I spend a fairly significant amount of my time installing and testing different OpenStack deployment methods. As such I am pretty familiar with the documentation, though I will say it hasn’t always been that way. When I first started doing this I kind of just tried to yolo it and that ended up not working well. Eventually you learn that you have to pay attention to the documentation, sometimes pretty intently like in the case of Kolla as they are providing you with a couple of different options at the early steps of the process. You don’t want to do every step listed, just the ones for the deployment you are actively working on.
Lately, I have been experimenting with Juju Charmed OpenStack that was created and maintained by Canonical who also create and maintain the Ubuntu Linux distribution. I don’t have a really good reason for this as the system is, in my opinion, overly complicated for what you get. To do the install as they have it on their deployment page is somewhere in the neighboorhood of 100 separate commands, after you have already installed MaaS and the Juju client. This obviously isn’t a deal-breaking condition though, as it is theoretically possible to script this whole thing. Theoretically.
Right on the deployment instructions page there is a little blue box with a note that says:
You do not need to wait for a Juju command to complete before issuing further ones. However, it can be very instructive to see the effect one command has on the current state of the cloud.
This statement is INCREDIBLY misleading. I can tell you straight up that if you just batch all the commands in shit will not work at all. I know the concept is that Juju just queues commands up one after another, but in practice it does not work that way. Maybe it is that commands in the queue time out if a previous operation takes too long (the deployment of the ceph-osd charm is of particular note because that is when the nodes themselves are provisioned), or if commands just fail without any feedback (it happens), this doesn’t work.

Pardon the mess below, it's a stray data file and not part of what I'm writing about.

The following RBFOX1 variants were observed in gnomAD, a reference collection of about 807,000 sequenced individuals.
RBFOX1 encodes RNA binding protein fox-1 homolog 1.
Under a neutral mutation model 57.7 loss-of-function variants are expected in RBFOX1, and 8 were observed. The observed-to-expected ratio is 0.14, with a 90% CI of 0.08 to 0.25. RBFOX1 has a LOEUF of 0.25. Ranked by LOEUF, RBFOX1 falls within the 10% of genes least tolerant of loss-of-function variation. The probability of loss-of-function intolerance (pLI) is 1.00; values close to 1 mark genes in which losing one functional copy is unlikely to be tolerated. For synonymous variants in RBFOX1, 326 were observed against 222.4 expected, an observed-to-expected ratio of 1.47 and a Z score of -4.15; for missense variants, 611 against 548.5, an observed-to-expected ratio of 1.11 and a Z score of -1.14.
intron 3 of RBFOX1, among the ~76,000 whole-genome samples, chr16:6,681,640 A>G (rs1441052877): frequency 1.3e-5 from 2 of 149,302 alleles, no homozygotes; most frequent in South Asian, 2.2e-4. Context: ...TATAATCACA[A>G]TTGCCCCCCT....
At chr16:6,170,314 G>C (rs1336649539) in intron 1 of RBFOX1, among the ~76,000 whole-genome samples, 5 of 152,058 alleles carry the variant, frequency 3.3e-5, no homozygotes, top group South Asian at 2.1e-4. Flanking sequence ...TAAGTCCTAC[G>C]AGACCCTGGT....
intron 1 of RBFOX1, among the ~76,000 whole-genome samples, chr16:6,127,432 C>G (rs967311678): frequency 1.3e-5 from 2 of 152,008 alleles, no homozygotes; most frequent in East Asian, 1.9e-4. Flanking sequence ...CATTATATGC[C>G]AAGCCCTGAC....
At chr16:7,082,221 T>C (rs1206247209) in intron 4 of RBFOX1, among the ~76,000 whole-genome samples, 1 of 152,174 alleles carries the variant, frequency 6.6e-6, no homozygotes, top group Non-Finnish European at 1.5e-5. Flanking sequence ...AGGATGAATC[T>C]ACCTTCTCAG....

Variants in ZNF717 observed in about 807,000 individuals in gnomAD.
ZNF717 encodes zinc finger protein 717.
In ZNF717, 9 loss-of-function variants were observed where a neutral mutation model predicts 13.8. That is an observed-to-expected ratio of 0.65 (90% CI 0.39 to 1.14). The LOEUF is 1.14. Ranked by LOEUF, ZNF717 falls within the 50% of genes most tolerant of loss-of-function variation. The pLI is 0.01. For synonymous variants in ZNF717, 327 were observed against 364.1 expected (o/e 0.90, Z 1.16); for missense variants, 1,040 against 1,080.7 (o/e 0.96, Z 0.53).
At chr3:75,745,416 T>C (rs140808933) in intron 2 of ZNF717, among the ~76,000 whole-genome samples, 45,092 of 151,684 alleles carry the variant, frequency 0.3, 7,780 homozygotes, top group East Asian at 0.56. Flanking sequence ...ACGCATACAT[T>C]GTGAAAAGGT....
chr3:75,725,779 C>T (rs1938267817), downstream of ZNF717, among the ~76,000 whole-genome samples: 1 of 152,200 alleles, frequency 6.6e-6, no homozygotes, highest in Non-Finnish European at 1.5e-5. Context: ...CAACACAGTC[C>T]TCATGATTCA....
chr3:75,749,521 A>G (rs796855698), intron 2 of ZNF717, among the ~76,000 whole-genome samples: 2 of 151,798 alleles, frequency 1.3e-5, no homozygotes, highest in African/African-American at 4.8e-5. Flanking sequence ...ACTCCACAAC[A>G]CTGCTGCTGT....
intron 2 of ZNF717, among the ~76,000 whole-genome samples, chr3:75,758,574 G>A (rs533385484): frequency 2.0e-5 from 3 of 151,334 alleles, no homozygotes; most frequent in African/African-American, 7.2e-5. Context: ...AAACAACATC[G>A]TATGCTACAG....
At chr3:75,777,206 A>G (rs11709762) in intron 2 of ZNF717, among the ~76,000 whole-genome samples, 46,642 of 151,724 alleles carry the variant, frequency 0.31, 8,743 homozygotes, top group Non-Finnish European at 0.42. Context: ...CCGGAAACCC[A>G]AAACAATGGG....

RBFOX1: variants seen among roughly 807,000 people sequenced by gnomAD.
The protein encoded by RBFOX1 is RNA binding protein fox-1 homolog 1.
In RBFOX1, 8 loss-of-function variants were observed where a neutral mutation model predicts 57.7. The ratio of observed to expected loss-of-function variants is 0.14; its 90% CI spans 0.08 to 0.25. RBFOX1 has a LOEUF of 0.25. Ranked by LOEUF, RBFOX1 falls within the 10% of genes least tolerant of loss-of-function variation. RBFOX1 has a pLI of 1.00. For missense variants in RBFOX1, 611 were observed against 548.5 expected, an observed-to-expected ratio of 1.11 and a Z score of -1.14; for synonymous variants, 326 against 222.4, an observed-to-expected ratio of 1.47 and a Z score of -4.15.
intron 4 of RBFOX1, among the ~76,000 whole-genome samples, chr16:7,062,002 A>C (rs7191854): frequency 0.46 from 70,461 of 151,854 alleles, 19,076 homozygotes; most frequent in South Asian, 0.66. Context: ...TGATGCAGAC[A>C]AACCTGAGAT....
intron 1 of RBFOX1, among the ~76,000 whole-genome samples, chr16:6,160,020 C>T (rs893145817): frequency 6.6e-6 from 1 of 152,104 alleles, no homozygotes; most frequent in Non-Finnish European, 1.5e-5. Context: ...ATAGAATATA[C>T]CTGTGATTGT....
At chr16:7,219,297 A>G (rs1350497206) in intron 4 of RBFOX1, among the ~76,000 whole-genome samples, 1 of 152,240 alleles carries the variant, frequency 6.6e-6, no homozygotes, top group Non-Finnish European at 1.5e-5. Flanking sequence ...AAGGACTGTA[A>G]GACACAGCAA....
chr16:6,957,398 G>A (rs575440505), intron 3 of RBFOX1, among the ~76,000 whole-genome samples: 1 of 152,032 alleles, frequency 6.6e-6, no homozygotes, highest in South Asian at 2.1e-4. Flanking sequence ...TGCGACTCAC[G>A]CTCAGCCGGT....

Even going so far as to creating a script with all the commands (which I have done) with pauses after after juju deploy command didn’t work 100%, because there was some sort of bed-shit in the nova-cloud-controller and the mysql cluster. When going to the Instances page for Admin that was fine, but trying to go under the Admin project produced an error I’ve never seen before. Likewise, trying to look at Volumes in any capacity caused a strange python error that seemed unsolvable.
I went so far as to SSH to several of the containers and check through logs, the logs I could find anyway, and it seems that somewhere along the way the cinder mysql database never got created, or maybe was incorrectly created. I thought that maybe removing all the cinder stuff and re-installing would help, it didn’t. The database had still not been created. I was able to get the nova cloud controller working by doing this same process as there weren’t any errors in the logs, but it just goes to show you that automation isn’t always the answer.
Now, could I modify my script so that at each step the process watches the output of juju status and greps for the individual charms (e.g. ceph-osd) then makes sure the workload is blocked or active and the agent is idle? Sure, that is actually a good thought. Should I go that far into something that I don’t view as a production environment (at least not in my case)? Probably not.
My use cases are small, and besides having 3 hyper-converged nodes I would have to have at least one other node running virtual machines for the MaaS controller, the Juju controller, and a jump box, though I guess the jump box could just be my laptop.
Anyway, if you are running through the Charmed-OpenStack deployment quickstart, make sure you let each command finish before getting into the next one.